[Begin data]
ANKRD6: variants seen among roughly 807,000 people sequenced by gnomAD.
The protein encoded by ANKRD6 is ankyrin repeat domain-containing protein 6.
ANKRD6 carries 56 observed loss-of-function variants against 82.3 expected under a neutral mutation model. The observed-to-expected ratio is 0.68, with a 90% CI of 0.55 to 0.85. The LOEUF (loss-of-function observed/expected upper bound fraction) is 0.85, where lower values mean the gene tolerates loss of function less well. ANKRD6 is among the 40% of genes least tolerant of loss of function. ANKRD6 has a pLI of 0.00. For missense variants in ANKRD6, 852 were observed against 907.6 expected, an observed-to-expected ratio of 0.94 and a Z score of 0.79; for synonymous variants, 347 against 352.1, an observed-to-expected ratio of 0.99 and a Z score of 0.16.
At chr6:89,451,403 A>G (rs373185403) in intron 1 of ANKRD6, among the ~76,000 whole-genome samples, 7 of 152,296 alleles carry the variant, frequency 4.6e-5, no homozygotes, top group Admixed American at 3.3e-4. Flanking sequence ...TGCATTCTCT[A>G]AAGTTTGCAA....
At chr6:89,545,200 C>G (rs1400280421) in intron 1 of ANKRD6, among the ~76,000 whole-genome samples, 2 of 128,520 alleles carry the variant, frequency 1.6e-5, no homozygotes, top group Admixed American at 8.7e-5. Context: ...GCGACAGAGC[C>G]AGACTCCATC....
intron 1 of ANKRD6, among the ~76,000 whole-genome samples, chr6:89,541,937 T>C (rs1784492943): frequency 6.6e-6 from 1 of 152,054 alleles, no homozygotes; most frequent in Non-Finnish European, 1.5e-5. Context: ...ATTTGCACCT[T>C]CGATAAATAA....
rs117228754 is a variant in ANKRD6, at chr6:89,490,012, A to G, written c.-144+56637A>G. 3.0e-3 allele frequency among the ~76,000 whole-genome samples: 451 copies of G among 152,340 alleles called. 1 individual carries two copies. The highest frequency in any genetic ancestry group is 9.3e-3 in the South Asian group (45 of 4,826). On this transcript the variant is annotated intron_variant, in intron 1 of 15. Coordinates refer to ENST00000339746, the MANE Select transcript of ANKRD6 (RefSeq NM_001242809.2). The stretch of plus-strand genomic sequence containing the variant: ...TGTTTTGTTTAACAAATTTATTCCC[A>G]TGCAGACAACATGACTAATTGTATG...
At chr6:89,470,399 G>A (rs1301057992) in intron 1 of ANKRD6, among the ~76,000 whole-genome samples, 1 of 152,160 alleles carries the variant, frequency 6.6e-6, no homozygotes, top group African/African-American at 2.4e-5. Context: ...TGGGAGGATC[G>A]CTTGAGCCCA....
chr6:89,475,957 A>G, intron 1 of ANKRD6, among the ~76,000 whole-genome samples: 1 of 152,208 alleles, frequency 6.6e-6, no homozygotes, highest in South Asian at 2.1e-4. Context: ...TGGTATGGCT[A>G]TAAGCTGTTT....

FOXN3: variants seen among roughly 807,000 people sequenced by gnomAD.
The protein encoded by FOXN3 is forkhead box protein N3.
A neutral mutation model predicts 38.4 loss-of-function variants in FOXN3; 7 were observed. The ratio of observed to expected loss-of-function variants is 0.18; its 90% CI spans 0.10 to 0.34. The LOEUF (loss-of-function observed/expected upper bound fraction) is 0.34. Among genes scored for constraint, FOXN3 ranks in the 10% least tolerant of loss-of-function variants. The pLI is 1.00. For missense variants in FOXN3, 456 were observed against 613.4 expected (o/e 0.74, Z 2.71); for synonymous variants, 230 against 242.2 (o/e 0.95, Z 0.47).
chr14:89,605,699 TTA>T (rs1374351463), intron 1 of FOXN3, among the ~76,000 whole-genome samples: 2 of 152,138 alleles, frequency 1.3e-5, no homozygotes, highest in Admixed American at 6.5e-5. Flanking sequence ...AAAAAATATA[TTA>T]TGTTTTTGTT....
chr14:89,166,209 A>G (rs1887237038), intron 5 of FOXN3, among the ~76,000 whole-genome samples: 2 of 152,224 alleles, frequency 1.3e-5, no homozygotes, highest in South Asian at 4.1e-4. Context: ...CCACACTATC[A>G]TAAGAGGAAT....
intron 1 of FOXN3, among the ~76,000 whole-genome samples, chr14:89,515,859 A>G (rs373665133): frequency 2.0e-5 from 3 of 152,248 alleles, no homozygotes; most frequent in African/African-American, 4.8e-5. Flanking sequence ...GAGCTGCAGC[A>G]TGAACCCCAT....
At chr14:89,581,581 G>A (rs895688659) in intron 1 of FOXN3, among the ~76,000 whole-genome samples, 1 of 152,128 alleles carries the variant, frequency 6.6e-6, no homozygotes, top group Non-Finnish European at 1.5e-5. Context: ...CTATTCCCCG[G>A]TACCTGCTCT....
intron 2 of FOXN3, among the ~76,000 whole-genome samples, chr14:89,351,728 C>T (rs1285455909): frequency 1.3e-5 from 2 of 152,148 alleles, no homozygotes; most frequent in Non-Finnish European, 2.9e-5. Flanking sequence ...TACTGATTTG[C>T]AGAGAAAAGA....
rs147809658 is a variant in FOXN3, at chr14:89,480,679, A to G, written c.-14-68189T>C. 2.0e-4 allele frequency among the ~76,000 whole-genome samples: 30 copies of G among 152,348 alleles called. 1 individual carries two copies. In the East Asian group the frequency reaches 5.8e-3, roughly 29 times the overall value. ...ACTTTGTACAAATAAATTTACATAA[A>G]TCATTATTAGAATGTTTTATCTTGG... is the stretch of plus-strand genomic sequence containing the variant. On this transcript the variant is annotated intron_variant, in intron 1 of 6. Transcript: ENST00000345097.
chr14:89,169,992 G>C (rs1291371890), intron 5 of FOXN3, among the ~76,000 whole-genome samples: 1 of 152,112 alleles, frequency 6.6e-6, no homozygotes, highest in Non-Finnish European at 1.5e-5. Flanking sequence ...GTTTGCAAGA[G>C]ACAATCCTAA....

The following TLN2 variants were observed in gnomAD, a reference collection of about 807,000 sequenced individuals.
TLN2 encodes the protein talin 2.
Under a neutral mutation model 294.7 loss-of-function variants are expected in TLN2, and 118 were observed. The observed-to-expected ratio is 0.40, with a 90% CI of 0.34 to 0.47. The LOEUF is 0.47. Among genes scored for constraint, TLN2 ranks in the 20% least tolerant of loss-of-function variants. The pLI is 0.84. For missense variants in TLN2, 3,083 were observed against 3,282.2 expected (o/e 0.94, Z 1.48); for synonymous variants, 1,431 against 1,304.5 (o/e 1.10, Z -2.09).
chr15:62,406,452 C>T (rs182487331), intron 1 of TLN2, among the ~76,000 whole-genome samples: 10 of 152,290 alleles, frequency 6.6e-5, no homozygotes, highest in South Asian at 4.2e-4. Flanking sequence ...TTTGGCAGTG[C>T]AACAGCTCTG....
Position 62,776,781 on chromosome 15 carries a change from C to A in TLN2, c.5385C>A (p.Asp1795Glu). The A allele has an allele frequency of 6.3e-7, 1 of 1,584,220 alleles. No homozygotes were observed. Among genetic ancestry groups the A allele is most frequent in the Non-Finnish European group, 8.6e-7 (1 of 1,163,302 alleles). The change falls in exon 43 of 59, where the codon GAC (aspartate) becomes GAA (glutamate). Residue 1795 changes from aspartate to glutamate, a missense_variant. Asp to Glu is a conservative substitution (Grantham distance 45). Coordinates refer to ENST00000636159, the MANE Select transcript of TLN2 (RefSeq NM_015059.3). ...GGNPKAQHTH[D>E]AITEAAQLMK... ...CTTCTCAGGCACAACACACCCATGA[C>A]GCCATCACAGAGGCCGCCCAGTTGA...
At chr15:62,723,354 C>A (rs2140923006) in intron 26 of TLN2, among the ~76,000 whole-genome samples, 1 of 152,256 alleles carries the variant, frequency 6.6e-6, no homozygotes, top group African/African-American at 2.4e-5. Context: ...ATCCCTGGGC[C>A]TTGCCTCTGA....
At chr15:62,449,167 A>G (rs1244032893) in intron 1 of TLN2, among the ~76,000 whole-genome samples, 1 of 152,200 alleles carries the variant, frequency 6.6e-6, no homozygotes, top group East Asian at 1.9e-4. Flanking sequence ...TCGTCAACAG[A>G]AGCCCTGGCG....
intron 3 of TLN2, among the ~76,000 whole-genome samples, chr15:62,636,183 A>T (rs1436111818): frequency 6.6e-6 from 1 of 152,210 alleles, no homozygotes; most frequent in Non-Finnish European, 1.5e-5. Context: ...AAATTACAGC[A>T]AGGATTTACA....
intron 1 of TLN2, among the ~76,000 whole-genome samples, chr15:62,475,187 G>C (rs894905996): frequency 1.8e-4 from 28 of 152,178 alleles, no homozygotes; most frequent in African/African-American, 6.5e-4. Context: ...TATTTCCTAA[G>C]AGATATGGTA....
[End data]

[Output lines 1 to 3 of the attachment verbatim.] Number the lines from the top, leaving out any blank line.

ANKRD6: variants seen among roughly 807,000 people sequenced by gnomAD.
The protein encoded by ANKRD6 is ankyrin repeat domain-containing protein 6.
ANKRD6 carries 56 observed loss-of-function variants against 82.3 expected under a neutral mutation model. The observed-to-expected ratio is 0.68, with a 90% CI of 0.55 to 0.85. The LOEUF (loss-of-function observed/expected upper bound fraction) is 0.85, where lower values mean the gene tolerates loss of function less well. ANKRD6 is among the 40% of genes least tolerant of loss of function. ANKRD6 has a pLI of 0.00. For missense variants in ANKRD6, 852 were observed against 907.6 expected, an observed-to-expected ratio of 0.94 and a Z score of 0.79; for synonymous variants, 347 against 352.1, an observed-to-expected ratio of 0.99 and a Z score of 0.16.